Ringworm and Baby Mama

Tina Fey is pretty cute as a wanna-be mom. I won't give up the ending, lest any of you decide to see this movie, but it was a very decent way to spend the afternoon. Much gratitude to my friend and co-worker, Amy, for taking me. I think we should consider going after school on a regular basis. Matinees are only 6 bucks.

This movie is cute and happy because when people are trying to have a baby or in the pregnancy stage, they never think about things like ringworm, which is what I think of when I think of children. Ringworm and lice and soggy, wrinkly thumbs, pulled from mouths and trailing with saliva as they reach out towards me.

I guess it's different when it's your own kid. Have I mentioned that I love my job?


Can't Stop the Rain

Last night window panes rattled as thunder boomed. Rosie the Cat stayed close to us, and we fell asleep to the sound of heavy rain.

I woke up around 5:30, with rain still falling steadily, facing the following dilemma. If I drove the car, I could sleep in another hour and still make it to work on time, and also not get all wet while walking two miles to the bus stop. If I took the bus, I might get wet, but then I would be able to read one of my new library books, and also stay committed to my pact to be somewhat car-less this month in observation of Earth Day. I guess I really wanted to read that book, because I decided to take the bus. Either that, or I really love the Earth.

I got very wet.

I felt somewhat foolish about choosing the bus. I mean lots of people (myself included, before getting my first car at age 26), can't avoid getting all wet while waiting for the bus. I could have, at least on this particular morning. And let me tell you, my feet were wet all day as I sat in training, some of which was good, and some of which was clearly not very well thought out.

But being a person who doesn't mind getting Economical, or the trials and tribulations that sometimes accompany frugality, has granted me a tremendous amount of freedom. When I hear my colleagues and friends bemoaning the fact that they can't leave jobs they hate because of financial obligations or debts, I feel very, very lucky that I can pay all my bills on a minimum wage job.

Of course renting a small apartment from a slum lord has its downsides.

This morning, the leak that was formerly just bubbling plaster in the bathroom turned into steady stream. M was late to work as he haggled with the land company. But the thing is, we don't care if water is pouring out the ceiling into our bathroom, so haggle is not exactly the word I'm looking for. We've been dutifully reporting the leak every few weeks as we noticed a crack, then a bubble, then damp plaster, then falling plaster, etc. each time we noticed a change. But one would think that they might care, as something that would have been an easy fix a few months ago, is now something of a disaster.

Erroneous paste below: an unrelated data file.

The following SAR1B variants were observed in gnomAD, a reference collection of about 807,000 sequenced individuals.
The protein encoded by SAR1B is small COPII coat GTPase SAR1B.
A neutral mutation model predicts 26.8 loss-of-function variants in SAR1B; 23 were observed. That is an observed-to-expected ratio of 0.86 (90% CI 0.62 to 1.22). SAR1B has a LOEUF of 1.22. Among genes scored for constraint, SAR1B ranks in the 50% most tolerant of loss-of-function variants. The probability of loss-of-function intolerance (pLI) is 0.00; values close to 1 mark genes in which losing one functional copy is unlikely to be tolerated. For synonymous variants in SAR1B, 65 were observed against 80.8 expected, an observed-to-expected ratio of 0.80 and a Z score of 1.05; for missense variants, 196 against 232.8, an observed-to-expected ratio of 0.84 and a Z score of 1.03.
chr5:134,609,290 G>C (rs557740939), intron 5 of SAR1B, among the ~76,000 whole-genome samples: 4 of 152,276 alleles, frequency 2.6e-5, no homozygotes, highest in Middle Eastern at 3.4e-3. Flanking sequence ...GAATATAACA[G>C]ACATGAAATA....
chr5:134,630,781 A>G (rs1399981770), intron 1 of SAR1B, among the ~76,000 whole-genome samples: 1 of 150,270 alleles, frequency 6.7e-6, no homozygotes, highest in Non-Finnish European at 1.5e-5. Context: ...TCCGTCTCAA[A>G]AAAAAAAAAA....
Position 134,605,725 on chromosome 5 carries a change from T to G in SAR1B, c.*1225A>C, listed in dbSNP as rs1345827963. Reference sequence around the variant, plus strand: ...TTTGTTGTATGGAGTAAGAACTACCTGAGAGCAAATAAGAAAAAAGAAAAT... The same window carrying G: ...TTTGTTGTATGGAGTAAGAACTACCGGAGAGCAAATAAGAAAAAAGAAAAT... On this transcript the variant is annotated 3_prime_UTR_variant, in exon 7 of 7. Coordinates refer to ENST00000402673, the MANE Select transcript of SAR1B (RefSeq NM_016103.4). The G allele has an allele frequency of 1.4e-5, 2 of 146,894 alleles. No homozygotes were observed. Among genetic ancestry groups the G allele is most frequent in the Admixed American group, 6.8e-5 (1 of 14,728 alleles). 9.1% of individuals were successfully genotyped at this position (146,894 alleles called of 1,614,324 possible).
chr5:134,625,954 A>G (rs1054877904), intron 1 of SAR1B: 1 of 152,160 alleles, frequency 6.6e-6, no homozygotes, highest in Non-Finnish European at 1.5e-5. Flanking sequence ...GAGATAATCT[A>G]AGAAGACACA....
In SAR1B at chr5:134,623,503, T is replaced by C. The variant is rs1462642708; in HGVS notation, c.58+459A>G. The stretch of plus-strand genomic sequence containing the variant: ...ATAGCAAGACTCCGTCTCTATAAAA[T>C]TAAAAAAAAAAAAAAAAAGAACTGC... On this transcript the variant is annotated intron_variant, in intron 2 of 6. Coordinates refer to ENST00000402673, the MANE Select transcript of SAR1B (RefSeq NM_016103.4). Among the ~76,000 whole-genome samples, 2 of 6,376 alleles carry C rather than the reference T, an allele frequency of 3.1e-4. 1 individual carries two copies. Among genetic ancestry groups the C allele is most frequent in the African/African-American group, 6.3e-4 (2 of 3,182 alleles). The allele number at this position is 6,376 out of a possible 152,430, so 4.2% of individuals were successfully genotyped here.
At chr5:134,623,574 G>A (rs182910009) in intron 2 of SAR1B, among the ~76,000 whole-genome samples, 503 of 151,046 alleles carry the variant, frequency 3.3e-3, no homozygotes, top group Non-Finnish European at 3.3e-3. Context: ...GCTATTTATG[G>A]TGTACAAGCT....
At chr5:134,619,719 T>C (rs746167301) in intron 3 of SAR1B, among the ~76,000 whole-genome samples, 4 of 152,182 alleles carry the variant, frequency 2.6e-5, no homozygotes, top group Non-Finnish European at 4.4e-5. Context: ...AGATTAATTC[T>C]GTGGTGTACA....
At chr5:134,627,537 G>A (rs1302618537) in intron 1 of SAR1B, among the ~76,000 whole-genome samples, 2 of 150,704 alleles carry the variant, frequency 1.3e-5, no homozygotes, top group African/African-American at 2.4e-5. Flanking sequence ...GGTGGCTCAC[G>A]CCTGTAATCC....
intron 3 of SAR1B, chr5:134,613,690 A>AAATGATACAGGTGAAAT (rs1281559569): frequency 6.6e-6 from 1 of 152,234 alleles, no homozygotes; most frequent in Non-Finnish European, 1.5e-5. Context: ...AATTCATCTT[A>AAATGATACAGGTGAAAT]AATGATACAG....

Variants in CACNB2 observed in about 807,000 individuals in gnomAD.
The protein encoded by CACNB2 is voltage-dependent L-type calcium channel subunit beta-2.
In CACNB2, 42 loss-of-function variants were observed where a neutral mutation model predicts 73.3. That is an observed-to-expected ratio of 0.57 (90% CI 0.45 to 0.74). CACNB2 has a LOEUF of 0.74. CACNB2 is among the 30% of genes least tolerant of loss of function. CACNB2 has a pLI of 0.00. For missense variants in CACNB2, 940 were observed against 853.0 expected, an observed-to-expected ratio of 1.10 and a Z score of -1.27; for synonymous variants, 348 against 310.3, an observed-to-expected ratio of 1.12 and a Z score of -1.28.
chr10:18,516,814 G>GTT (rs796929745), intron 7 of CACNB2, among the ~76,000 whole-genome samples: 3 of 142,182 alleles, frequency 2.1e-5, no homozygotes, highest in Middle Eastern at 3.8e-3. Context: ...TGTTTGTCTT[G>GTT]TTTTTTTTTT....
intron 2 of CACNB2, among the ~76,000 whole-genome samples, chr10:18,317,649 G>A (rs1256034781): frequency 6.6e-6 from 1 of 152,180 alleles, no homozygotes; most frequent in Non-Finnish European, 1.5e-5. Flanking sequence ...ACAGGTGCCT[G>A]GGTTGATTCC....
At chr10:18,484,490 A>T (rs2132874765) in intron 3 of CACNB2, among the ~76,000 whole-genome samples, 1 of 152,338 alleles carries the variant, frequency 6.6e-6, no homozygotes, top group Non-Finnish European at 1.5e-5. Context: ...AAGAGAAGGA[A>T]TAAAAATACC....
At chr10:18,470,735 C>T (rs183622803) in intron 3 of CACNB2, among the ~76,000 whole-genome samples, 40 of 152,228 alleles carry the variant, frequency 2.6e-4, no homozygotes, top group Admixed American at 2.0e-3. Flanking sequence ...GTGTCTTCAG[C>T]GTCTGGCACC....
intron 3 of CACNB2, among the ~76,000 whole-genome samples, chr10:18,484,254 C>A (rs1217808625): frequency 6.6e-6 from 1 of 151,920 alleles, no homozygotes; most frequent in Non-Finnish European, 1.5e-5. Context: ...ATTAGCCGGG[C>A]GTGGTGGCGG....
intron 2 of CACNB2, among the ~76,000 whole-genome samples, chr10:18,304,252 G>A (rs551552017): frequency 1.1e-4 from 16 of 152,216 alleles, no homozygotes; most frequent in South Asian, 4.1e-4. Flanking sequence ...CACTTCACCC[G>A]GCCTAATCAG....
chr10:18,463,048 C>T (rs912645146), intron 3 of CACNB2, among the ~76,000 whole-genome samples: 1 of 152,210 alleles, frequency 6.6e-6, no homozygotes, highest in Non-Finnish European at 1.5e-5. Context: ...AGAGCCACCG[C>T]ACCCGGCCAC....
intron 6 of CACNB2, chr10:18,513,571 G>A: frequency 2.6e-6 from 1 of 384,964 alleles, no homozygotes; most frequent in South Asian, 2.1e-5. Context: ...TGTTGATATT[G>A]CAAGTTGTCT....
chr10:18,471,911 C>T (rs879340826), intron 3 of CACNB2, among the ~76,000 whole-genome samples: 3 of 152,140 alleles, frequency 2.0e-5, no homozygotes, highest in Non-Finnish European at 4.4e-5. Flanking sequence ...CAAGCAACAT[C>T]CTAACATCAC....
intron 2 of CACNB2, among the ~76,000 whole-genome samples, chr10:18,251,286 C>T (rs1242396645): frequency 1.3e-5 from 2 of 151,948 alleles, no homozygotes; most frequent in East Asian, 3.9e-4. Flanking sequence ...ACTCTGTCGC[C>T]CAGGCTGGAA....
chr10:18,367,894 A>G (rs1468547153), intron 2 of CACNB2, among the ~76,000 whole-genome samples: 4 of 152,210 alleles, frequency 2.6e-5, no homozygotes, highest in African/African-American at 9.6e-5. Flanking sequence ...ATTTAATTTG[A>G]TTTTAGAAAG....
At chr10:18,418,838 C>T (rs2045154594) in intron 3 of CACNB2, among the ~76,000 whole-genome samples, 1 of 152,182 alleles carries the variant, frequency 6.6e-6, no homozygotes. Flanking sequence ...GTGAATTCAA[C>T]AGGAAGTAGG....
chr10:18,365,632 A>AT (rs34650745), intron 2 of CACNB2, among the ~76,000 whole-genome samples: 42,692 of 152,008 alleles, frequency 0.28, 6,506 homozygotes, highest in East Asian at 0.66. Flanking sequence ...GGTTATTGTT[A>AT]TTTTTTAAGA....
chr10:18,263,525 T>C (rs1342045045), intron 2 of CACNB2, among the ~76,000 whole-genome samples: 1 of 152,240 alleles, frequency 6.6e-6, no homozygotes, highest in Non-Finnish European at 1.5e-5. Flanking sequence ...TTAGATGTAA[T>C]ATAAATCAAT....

Anyway, our bucket is only so big, so all M wanted to know was if they planned to come over sometime in the next hour, so he could leave the bucket, or if they would be by many hours later, in which case, he would need to stay home and change the bucket, which was steadily filling up, and which, left unattended, would likely spill all over the floor and into the first floor apartment.

Again, not that we care, but....

So, eventually they came and the leak appears to have stopped, as did the rain. Happy endings all around.


Congratulations, Mom!

Today we had the pleasure of attending the English/Film Studies graduation ceremony at the University of Pittsburgh. M's mother finished her degree in English Writing - her second bachelor's degree. She has been working really hard (while also holding down a full-time job) for a long time and I know that she really loves to write. Hopefully we will be seeing some children's historical fiction flowing from her pen in the near future. Congratulations, Mom!


The Path

Last year at this time, spring was in the air. Even high up in the mountains, the days were starting to get warm, the forest floor was carpeted with flowers, and I woke up everyday and followed white blazes until I got too tired to move any more. Then I stopped, ate a ridiculous amount of food and went to bed. Sometimes I wrote in my journal, or knit a few rows on a pair of socks I was working on. But often, I just stared out into the woods, until it was too dark to see anything.